Kelly Oubre Jr. had a frustrating first season with the Golden State Warriors. They gave up a valuable draft pick and paid a hefty luxury tax fee to acquire Oubre, but in 55 games, he played wildly inconsistently on offense and shot only 31.6 percent from behind the arc, his worst figure since his rookie season. However, that hasn't stopped him and his camp from setting a high bar for themselves in free agency.
Oubre is confident he can get over $20 million per year on his next contract, ideally on a long-term deal, according to Michael Scotto on the HoopsHype Podcast, He adds that while Golden State is willing to keep him, that $20 million price point might be a bit too rich for their blood. Oubre made just under $14.4 million this season.
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Getting up to $20 million will be difficult for a number of reasons. First of all, he seems like an odd fit for many of the teams with cap space. The Knicks, Heat, Raptors and Mavericks likely have grander ambitions than adding a journeyman forward. Oklahoma City is rebuilding, and if it had wanted to keep him for the long haul, it wouldn't have traded him to Golden State in the first place. Charlotte is expected to pursue a center. That leaves San Antonio and Memphis as possible options with the money to make him such an offer, but with so few bidders, it's unlikely he'd see such a big raise.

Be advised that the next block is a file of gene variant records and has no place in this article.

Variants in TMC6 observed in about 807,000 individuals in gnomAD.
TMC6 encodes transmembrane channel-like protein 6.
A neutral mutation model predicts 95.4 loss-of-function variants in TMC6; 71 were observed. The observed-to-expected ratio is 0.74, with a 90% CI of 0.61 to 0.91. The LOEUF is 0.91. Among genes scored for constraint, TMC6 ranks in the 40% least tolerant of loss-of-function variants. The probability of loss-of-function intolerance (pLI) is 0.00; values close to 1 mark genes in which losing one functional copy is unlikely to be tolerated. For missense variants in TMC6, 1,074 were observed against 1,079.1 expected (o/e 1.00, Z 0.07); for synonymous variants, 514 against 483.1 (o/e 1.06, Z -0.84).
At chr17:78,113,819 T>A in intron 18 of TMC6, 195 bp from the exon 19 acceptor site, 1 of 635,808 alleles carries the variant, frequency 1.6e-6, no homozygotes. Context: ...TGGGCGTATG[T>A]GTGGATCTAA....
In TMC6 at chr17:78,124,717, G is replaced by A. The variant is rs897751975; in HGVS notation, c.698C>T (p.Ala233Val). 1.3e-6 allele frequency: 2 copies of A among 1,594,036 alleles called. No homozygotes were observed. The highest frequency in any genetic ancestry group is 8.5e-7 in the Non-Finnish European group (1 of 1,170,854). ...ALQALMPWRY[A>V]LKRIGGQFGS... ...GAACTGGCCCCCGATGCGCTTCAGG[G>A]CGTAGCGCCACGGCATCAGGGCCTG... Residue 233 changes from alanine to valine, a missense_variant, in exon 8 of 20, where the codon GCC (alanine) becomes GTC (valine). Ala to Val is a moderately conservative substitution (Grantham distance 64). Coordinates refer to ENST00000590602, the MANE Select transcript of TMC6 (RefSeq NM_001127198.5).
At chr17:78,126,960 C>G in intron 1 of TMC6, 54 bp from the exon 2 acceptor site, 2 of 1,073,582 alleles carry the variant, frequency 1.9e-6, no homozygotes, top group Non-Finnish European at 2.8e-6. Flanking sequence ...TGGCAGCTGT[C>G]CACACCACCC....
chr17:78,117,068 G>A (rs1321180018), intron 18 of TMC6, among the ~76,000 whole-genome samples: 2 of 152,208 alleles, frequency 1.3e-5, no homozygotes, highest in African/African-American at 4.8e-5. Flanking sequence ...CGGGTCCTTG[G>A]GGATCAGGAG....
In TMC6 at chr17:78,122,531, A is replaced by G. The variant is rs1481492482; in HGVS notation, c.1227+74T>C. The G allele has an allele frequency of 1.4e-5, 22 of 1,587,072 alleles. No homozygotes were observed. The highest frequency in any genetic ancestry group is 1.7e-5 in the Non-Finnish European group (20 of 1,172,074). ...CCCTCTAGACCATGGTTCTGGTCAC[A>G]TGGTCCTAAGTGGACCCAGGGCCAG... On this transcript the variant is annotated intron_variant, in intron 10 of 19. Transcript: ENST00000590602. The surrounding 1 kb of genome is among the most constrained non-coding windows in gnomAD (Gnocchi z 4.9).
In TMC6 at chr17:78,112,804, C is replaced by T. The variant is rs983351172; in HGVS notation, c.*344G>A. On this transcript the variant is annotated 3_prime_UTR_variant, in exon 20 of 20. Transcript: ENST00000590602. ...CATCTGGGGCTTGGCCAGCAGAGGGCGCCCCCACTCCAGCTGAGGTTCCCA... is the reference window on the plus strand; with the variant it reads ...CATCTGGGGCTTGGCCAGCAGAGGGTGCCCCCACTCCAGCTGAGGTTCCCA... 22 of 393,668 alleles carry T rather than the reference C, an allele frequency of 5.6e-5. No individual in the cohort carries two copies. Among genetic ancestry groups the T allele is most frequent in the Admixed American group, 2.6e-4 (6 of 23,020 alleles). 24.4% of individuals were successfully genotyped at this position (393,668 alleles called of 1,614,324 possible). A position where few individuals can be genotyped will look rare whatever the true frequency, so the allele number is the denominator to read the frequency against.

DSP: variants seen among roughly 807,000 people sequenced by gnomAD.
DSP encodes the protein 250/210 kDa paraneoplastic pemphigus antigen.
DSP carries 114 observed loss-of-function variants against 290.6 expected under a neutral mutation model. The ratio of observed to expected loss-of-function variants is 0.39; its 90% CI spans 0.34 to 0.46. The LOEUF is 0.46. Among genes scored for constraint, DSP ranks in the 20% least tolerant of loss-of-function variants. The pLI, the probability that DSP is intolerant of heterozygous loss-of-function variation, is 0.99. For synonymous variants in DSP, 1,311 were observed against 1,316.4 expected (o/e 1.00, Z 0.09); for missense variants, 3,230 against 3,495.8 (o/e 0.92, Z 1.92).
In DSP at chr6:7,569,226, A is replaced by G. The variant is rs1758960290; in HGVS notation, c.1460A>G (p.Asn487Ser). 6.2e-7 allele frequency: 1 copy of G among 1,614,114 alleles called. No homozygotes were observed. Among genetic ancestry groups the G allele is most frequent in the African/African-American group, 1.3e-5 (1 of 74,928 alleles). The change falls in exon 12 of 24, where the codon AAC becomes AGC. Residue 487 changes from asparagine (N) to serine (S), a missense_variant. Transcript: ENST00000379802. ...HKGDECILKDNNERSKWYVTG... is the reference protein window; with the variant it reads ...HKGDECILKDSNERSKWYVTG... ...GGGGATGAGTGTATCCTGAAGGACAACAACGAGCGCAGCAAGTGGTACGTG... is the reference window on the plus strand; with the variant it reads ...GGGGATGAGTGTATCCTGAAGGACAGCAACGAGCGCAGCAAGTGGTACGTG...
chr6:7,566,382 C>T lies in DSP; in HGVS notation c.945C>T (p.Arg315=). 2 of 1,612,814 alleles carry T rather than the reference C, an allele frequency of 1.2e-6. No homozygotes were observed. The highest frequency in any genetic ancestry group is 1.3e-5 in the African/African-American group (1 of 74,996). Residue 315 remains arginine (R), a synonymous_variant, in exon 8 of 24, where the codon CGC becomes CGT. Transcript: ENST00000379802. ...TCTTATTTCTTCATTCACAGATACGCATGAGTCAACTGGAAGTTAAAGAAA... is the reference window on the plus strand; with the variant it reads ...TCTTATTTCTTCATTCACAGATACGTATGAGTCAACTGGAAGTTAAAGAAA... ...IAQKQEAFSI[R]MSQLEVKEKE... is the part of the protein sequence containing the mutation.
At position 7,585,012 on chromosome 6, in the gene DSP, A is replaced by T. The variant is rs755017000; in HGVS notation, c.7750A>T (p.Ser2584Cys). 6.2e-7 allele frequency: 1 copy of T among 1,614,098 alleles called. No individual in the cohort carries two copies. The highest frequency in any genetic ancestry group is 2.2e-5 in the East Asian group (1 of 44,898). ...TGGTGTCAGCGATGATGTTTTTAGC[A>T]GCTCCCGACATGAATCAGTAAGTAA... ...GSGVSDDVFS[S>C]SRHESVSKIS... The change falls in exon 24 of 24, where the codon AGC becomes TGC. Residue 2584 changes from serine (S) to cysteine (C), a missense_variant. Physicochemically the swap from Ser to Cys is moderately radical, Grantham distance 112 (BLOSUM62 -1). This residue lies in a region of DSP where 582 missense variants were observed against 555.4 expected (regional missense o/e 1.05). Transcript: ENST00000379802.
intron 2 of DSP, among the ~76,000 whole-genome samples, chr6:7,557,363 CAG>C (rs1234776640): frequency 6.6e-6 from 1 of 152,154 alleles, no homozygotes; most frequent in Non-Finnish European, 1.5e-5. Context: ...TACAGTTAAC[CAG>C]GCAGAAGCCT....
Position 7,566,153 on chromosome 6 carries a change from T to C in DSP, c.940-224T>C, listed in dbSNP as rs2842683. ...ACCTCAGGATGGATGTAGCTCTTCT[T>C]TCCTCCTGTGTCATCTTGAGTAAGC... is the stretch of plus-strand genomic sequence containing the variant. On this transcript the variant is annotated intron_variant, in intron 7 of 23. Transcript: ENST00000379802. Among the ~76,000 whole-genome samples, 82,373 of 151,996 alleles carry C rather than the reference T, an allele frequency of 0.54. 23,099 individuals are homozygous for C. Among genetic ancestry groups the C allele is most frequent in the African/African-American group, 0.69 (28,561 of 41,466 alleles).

The other issue for Oubre is how poorly the Warriors played with him on the floor. The Warriors had a minus-4.6 net rating with Oubre on the floor and a plus-7 net rating with him off of it. They went 11-5 in games he missed and 28-28 in games he played in. In fairness, many of those minutes and games were shared with rookie center James Wiseman, who struggled mightily to fit into a winning NBA team as a 19-year-old. But Oubre's poor shooting and uneven defense didn't help matters, either.
The Warriors have one of the most expensive rosters in NBA history. They already have four players -- Stephen Curry, Draymond Green, Klay Thompson and Andrew Wiggins -- who are making at least $24 million, and before the offseason even begins, they already have over $160 million in committed salary. If they keep Oubre, they will unquestionably have the priciest roster in basketball, but with all of the revenue they figure to generate from their new arena and the imperative to compete while Curry is still in his prime, it might just be worth it.
Still, they are unlikely to pay such a premium for Oubre without at least scoping out the market first. The Warriors have the option of packaging Wiseman with their two possible lottery picks to try to add another star, and even if they don't, they might be able to re-sign Oubre at a lower price if he doesn't drum up the interest that he expects on the open market. Oubre's performance this season was far closer to that of a mid-level signing than a $20 million player, and unless some team signs him based on his potential for improvement, his next contract will likely come closer to that first figure than the $20 million he's seeking.